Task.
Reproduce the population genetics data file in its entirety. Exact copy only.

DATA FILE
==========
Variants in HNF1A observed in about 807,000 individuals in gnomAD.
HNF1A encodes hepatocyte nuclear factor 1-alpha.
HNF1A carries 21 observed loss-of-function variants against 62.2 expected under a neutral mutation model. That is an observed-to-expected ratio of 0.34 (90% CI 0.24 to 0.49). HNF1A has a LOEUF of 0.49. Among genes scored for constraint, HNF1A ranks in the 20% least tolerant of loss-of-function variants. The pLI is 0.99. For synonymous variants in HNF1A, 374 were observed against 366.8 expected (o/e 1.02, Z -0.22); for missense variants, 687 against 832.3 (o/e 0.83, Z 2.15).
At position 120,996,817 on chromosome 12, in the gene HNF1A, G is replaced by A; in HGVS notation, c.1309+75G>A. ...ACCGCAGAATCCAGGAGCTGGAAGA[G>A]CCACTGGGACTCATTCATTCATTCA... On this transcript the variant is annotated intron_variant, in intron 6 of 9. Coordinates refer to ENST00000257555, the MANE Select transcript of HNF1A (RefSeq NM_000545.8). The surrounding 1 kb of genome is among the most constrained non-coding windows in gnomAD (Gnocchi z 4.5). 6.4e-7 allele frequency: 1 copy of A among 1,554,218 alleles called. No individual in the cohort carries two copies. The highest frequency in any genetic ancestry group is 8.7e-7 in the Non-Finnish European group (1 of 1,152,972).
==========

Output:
Variants in HNF1A observed in about 807,000 individuals in gnomAD.
HNF1A encodes hepatocyte nuclear factor 1-alpha.
HNF1A carries 21 observed loss-of-function variants against 62.2 expected under a neutral mutation model. That is an observed-to-expected ratio of 0.34 (90% CI 0.24 to 0.49). HNF1A has a LOEUF of 0.49. Among genes scored for constraint, HNF1A ranks in the 20% least tolerant of loss-of-function variants. The pLI is 0.99. For synonymous variants in HNF1A, 374 were observed against 366.8 expected (o/e 1.02, Z -0.22); for missense variants, 687 against 832.3 (o/e 0.83, Z 2.15).
At position 120,996,817 on chromosome 12, in the gene HNF1A, G is replaced by A; in HGVS notation, c.1309+75G>A. ...ACCGCAGAATCCAGGAGCTGGAAGA[G>A]CCACTGGGACTCATTCATTCATTCA... On this transcript the variant is annotated intron_variant, in intron 6 of 9. Coordinates refer to ENST00000257555, the MANE Select transcript of HNF1A (RefSeq NM_000545.8). The surrounding 1 kb of genome is among the most constrained non-coding windows in gnomAD (Gnocchi z 4.5). 6.4e-7 allele frequency: 1 copy of A among 1,554,218 alleles called. No individual in the cohort carries two copies. The highest frequency in any genetic ancestry group is 8.7e-7 in the Non-Finnish European group (1 of 1,152,972).